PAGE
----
Burning Man on Probation

Words by: Sean-Michael Yoder
Posted: 30/4/12 8:51

Burning Man on ProbationAccording to the Associated Press, the organizers of Burning Man appealed a decision last week handed down by the Federal Bureau of Land Management (BLM) to place the event on probation. The probation stems from the agency placing a cap on attendance in 2011, which caused the arts and music festival to sell-out for the first time in its two-decade history.

Federal agents claim that the festival “exceeding the crowd cap of 50,000 people and instead [had] over 53,000 on both September 2nd and 3rd last year” leading to the probation.

Gene Seidlitz, manager of the BLM's Winnemucca Field Office, near the festival site in remote northern Nevada, says that resources are already stretched thin for enforcement, sanitation, and other needs and that Burning Man simply isn’t living up to its end of the bargain for the privilege to have a giant on public land, which taxpayers ultimately have to pay for (actually it all sounds a bit like college to us).

If BM exceeds the attendance cap again this year it may be denied future permits at a time when they are under review for an expansion to 70,000 people over the course of the week long event over the next five years, but now with this and a huge ticket lottery snafu the organization seems to be fighting a new battle each week, a troublesome sign for any business.

There is also a sense that neighbors of the event, mostly ranchers and mineral rights holders, are growing more uneasy about the growing attendance of Burning Man and the impact on traffic, business, and the environment in the remote area.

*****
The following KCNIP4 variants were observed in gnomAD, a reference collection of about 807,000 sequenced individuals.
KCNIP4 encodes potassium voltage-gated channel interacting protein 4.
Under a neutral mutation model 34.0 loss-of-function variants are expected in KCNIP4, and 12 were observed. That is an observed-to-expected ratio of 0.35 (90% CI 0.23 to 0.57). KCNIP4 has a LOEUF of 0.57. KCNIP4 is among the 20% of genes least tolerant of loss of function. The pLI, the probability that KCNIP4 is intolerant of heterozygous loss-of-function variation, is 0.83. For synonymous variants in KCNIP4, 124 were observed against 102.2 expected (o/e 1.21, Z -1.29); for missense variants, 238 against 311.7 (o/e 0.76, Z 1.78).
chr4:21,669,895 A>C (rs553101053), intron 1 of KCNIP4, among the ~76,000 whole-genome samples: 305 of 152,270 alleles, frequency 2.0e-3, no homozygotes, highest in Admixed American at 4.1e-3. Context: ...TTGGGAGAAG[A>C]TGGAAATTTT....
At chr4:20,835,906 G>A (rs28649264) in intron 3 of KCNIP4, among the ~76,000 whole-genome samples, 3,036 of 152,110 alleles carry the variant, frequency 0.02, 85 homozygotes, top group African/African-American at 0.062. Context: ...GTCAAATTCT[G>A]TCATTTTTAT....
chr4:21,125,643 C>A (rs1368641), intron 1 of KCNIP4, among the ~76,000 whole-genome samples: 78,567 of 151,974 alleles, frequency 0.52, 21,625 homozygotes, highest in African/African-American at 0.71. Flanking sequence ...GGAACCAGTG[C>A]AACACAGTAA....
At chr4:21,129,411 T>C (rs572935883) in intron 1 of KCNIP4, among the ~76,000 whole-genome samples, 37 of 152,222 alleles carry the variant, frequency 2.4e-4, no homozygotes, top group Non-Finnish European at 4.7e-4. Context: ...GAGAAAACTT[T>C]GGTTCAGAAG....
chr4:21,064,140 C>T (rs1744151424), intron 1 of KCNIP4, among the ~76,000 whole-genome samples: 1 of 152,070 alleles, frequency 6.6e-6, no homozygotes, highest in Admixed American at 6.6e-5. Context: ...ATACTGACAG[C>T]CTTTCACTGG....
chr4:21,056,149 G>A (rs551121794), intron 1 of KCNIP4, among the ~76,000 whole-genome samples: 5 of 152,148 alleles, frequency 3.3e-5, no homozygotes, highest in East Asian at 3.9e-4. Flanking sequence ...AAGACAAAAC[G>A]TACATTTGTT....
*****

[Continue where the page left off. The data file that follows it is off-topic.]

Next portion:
The festival is also finding itself in the crosshairs of fiscally conservative politicians and freethinkers alike, who are becoming increasingly more disturbed by the so-called progressive BM’s multinational corporate tendencies of privatizing the gain at the expense of the environment while making public the loss, in this case, the clean up of the environmental degradation. These folks feel the taxpayers’ money could be better spent solving more pressing domestic issues.

While the BLM says that this probationary status won’t affect the issuing of this year’s event permit, as we look in to our crystal ball having already predicted the BLM troubles and the ticket lottery snafu, we’d say that Burning Man’s request to expand will be denied due to dwindling enforcement budgets in sparsely populated areas. This will lead to more attendance violations and an end to public dollars funding a giant party in the desert and an eventual end to the Black Rock City location. With other festivals such as the Symbiosis Festival positioning themselves as the alternative to the many angry non-ticket holders left out in the cold this year, the future doesn’t look all that promising if Burning Man is asked to leave its long time home.

This is one story we will continue to monitor, because if BM does get killed by the federal government, it will have sweeping and long term effects on public land usage that will not bode well for lovers of the freedom to gather and participate in just about anything on public lands.


Roberto Capuano
Politics Of Dancing
Ralph Lawson